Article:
in between face/off and mission:impossible:2, john woo directed dolph lundgren in the tv movie blackjack. it was made as a tv pilot but didn’t get pick up and it premiered on the usa network in 1998 as a tv movie.
dolph plays an ex-marshal turned bodyguard who after the opening action sequences, or maybe something from his childhood, becomes allergic to the color white, kind of like BRUCE in the color of night, except white instead of red. after his friends are killed off screen, he got custody of their daughter (padraigin murphy). his ex-marshal friend fred williamson, who now runs a protection agency, gets shot while protecting a model (model kam heskin from the prince and me 2, 3, & 4) and is in a coma. of course, dolph ends up having to do everything himself and save everyone.
the dolph/john woo combo is the main selling point here, though it helps to keep in mind that it’s by and large a tv movie. i’m also pretty sure that it would have been disappointing had i watch this post-face/off.
in other words, the action scenes here are few and far between, and on smaller scales. there are the typical opening, middle, and climatic action sequences. they are okay for a tv movie but mostly look like low budget john woo, which is what the movie is. the best sequence is actually the opening, which involve a trampoline and a blind dolph directed by the kid on his back, kind of an updated killer. it may not be signature john woo, but at least it’s along the lines of 80s hong kong action.
though there are definitely some woo elements. there’s the smooth jazz as in hard boiled. more time are spent between dolph and adopted kid, touched upon in face/off. there’s the slow mo, trench coats, and sunglasses (though there’s an obvious reason this time). there’s the sniper scene reminiscent of the killer and the beginning of face/off. there’s the dance sequence and motorcycles in the middle that later appear in m:i:ii. dolph’s jack devlin also uses playing cards as blades (a jack and an ace, blackjack, get it?), which woo had chow yun fat do in the overlooked/underrated once a thief (the movie, not the tv show).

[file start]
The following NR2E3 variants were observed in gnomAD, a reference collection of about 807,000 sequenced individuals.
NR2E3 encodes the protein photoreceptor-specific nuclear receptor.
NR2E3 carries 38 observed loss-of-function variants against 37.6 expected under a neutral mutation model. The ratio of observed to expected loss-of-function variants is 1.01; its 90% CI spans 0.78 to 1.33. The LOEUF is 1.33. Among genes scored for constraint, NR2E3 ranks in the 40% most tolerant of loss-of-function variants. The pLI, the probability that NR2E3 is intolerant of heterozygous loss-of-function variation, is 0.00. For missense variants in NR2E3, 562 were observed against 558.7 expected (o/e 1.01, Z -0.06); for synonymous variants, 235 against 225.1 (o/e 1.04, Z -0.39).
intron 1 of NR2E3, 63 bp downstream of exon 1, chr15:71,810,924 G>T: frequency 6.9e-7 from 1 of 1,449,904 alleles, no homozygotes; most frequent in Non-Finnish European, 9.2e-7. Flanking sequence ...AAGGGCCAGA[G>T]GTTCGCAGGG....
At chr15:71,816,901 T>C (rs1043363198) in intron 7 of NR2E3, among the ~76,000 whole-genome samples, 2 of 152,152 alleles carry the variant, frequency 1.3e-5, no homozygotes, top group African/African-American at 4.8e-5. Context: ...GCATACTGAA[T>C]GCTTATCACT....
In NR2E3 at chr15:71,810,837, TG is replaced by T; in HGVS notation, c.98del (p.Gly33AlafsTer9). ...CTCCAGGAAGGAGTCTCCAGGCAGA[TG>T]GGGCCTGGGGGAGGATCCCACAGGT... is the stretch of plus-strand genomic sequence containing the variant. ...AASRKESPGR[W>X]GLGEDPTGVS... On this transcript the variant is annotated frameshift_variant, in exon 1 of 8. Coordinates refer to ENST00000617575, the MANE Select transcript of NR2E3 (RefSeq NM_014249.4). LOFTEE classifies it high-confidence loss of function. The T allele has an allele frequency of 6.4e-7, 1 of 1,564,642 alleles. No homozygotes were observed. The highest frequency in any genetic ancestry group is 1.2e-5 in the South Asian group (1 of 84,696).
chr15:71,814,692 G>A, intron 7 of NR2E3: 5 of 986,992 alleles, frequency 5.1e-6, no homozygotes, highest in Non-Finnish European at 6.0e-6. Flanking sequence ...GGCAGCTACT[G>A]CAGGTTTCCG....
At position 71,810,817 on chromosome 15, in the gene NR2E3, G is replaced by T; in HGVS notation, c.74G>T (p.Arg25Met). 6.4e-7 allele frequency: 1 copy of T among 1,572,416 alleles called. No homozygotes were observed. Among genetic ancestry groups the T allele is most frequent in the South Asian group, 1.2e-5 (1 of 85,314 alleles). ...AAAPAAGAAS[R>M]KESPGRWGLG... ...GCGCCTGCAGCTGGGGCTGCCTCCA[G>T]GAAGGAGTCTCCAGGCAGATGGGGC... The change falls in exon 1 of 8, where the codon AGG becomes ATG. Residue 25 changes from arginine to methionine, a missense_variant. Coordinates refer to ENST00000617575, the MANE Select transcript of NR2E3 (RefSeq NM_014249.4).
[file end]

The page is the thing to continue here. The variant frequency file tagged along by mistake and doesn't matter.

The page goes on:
at times it feels more like a john woo-ish movie rather than an actual john woo movie, fortunately dolph gets more of a chance to shine. i was pretty impressed after the die hard-ish command performance, which he co-wrote and directed. unlike his more popular hollywood movies (rocky iv, universal soldiers, the expendables), dolph gets to play a slicker, cooler character. he also gets more dialogues and one-liners rather than merely a monosyllabic muscle man. jack devlin is more like the shadow or the saint type suave hero instead of a cyborg or vaguely all purpose european. he’s just about as good at spouting one-liners as arnold, which already makes him better than jcvd. in fact, i think he’s better and less painful than arnold in his scenes with the kid. he gets to show sides of him that we don’t usually see in his dtv action movies. we get to see him dance, do magic, taking care of the kid, and do some chiropractic work masquerading as a sex scene.
while woo and dolph more or less survive unscathed, the same can’t be said about the villain played by phillip mackenzie. this sniper/stalker guy has to be seen to be believed. we are eventually told that he’s a failed doctor, but he is also shown to be a pretty good artist, a failed actor, and a pretty decent fighter. though it may not have been a fair fight since his fight with dolph coincidentally takes place in a milk/white paint factory, it’s like someone somehow knew that dolph’s character is allergic to the color white. they also decided to give him a southern accent. i’m no expert on dialects but it doesn’t sound like mackenzie has one in real life, which makes it more baffling since they could have made up a random non-region specific area for the character’s origin.
they also laid on his “crazy” pretty thick by having a single tear during his first sniping attempt, keeping a butterfly in a mason jar in another killing attempt, and my favorite would have to be the scenes inside his actor studio…it happens pretty late in the movie so i won’t spoil it, let’s just say he goes through quite a bit of trouble and decorations and set designs. must be a method actor.
there are many things i like in the movie (i haven’t even mentioned the great saul rubinek, with an eye patch and accent, as alfred to dolph’s batman), mostly the stuff in the margins, it doesn’t add up to much as a whole. it actually gets kind of boring in the middle dealing with the back-stories and the main plot. like many dtv movies, it has way more characters than necessary and the plot is needlessly convoluted. i don’t know if it’s the fault of the original screenplay or the fact that john woo did not get to take part in the editing (according to this book), either way, it probably would have worked better with the usual 90 mins runtime instead of the current 113 mins.
nevertheless, blackjack isn’t a total…bust (teehee). i guess it depends on how you go into it. i was kind of on the fence on hard target. that one has a more simplistic story and basic b-movie narrative but blackjack has more quirky wtf elements and lesser action scenes. they are both kind of a…push.
as with most miramax/dimension movies, it was re-released by echo bridge entertainment last year. you can get it for about $5.
make sure you check out comeuppance reviews, who just did a month of dolph movies.
the video vacuum will be doing a chow yun fat edition of the legends of the silver screen, which will include two john woo movies.